It’s a dense, event-filled story that Nolan — who’s long embraced the plasticity of the film medium — has given a complex structure, which he parcels into revealing sections. Most are in lush color; others in high-contrast black and white. These sections are arranged in strands that wind together for a shape that brings to mind the double helix of DNA. To signal his conceit, he stamps the film with the words “fission” (a splitting into parts) and “fusion” (a merging of elements); Nolan being Nolan, he further complicates the film by recurrently kinking up the overarching chronology — it is a lot.

It also isn’t a story that builds gradually; rather, Nolan abruptly tosses you into the whirl of Oppenheimer’s life with vivid scenes of him during different periods. In rapid succession the watchful older Oppie (as his intimates call him) and his younger counterpart flicker onscreen before the story briefly lands in the 1920s, where he’s an anguished student tormented by fiery, apocalyptic visions. He suffers; he also reads T.S. Eliot’s “The Waste Land,” drops a needle on Stravinsky’s “The Rite of Spring” and stands before a Picasso painting, defining works of an age in which physics folded space and time into space-time.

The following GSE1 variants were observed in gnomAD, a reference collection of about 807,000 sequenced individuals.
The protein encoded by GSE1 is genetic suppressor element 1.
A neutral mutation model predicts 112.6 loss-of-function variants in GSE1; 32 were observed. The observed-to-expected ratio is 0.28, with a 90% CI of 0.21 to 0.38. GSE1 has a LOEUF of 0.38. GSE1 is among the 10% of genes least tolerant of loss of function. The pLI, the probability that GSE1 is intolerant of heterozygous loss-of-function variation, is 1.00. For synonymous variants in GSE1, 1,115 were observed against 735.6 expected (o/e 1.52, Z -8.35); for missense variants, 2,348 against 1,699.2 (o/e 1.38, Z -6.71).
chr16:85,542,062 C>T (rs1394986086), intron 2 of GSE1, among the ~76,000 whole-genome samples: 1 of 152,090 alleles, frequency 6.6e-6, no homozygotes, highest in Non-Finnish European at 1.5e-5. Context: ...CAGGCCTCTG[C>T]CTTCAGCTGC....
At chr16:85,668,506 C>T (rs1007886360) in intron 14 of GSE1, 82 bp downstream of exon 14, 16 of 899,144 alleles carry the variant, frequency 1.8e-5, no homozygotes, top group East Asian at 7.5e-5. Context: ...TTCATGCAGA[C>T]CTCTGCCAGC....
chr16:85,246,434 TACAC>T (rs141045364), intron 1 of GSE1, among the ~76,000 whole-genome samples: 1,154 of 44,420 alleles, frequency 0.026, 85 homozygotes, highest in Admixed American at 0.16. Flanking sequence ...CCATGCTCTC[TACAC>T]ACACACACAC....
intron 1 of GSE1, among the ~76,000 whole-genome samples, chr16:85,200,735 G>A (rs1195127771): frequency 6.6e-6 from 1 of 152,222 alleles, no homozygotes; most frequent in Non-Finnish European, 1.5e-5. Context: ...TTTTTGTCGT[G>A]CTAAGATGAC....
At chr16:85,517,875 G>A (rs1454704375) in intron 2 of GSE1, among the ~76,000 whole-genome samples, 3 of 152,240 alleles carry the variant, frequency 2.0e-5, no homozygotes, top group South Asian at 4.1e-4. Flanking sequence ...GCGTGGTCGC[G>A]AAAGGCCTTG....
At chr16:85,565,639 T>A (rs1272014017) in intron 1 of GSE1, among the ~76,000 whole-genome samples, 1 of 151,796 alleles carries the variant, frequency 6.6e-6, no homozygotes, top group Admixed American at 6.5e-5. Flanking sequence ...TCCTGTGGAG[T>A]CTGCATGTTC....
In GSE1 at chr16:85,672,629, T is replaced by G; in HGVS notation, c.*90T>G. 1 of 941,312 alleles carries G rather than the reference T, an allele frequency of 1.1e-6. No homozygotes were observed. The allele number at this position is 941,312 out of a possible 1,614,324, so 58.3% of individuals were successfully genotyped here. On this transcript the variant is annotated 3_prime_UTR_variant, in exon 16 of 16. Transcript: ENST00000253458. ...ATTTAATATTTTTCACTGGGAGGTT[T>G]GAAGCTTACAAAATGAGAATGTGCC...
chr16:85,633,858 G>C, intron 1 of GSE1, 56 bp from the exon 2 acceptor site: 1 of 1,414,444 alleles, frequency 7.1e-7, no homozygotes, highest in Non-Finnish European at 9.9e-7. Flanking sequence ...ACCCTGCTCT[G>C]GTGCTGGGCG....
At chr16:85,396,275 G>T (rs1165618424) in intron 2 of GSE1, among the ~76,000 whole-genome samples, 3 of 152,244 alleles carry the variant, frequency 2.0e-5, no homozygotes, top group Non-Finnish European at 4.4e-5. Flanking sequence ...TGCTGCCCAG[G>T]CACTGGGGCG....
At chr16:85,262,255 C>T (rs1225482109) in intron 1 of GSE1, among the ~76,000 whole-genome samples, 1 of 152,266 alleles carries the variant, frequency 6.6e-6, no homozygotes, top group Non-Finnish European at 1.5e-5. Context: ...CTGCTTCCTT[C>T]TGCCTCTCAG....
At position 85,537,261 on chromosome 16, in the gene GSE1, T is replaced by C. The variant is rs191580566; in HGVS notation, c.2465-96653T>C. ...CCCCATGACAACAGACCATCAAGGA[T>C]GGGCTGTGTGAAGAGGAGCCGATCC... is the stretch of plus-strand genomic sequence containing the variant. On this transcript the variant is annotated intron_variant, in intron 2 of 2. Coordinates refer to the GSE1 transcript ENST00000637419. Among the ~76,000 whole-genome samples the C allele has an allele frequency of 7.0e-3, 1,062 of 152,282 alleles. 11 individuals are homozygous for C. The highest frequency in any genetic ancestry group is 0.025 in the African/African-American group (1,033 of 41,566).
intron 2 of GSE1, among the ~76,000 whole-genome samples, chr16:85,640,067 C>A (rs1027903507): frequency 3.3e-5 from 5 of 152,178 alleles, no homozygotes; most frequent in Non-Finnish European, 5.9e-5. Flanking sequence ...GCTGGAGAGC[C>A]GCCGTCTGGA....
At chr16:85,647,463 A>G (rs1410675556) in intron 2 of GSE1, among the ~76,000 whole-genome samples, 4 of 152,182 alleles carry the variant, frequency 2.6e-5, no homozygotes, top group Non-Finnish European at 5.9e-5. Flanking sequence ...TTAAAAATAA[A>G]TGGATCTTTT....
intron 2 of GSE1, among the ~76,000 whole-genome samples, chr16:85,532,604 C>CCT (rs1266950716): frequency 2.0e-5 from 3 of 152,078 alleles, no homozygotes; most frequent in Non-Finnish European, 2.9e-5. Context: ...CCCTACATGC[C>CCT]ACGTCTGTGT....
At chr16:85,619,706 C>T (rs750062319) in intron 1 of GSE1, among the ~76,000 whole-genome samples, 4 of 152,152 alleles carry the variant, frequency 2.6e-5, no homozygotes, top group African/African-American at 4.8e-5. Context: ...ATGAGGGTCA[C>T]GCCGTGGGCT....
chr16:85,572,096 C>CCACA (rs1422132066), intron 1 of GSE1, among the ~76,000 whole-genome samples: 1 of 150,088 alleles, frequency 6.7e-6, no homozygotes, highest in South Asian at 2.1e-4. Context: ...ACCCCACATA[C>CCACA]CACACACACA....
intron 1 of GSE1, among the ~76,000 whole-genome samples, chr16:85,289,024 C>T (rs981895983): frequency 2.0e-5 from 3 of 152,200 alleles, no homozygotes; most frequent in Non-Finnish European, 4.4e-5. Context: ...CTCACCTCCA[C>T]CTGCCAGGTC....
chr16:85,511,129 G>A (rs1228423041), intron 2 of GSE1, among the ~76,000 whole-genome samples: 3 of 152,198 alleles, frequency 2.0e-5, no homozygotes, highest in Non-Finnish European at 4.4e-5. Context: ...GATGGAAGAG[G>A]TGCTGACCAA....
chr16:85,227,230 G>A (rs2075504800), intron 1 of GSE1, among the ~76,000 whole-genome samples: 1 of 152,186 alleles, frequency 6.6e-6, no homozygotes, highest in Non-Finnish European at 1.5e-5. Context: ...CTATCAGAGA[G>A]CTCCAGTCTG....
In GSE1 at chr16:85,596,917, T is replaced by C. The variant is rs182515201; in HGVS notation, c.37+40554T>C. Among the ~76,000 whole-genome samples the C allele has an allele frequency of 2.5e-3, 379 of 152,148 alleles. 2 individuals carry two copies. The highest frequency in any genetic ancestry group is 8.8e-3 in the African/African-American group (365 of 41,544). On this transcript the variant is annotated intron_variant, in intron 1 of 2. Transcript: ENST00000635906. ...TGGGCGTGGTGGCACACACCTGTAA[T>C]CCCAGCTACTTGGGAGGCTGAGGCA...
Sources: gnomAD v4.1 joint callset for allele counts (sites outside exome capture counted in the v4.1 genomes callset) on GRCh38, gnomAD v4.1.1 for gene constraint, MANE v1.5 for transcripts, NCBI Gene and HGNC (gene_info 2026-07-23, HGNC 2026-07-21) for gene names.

This fast pace and narrative fragmentation continue as Nolan fills in this Cubistic portrait, crosses and recrosses continents and ushers in armies of characters, including Niels Bohr (Kenneth Branagh), a physicist who played a role in the Manhattan Project. Nolan has loaded the movie with familiar faces — Matt Damon, Robert Downey Jr., Gary Oldman — some distracting. It took me a while to accept the director Benny Safdie as Edward Teller, the theoretical physicist known as the “father of the hydrogen bomb,” and I still don’t know why Rami Malek shows up in a minor part other than he’s yet another known commodity.

As Oppenheimer comes into focus so does the world. In 1920s Germany, he learns quantum physics; the next decade he’s at Berkeley teaching, bouncing off other young geniuses and building a center for the study of quantum physics. Nolan makes the era’s intellectual excitement palpable — Einstein published his theory of general relativity in 1915 — and, as you would expect, there’s a great deal of scientific debate and chalkboards filled with mystifying calculations, most of which Nolan translates fairly comprehensibly. One of the film’s pleasures is experiencing by proxy the kinetic excitement of intellectual discourse.

It’s at Berkeley that the trajectory of Oppenheimer’s life dramatically shifts, after news breaks that Germany has invaded Poland. By that point, he has become friends with Ernest Lawrence (Josh Hartnett), a physicist who invented a particle accelerator, the cyclotron, and who plays an instrumental role in the Manhattan Project. It’s also at Berkeley that Oppenheimer meets the project’s military head, Leslie Groves (a predictably good Damon), who makes him Los Alamos’s director, despite the leftist causes he supported — among them, the fight against fascism during the Spanish Civil War — and some of his associations, including with Communist Party members like his brother, Frank (Dylan Arnold).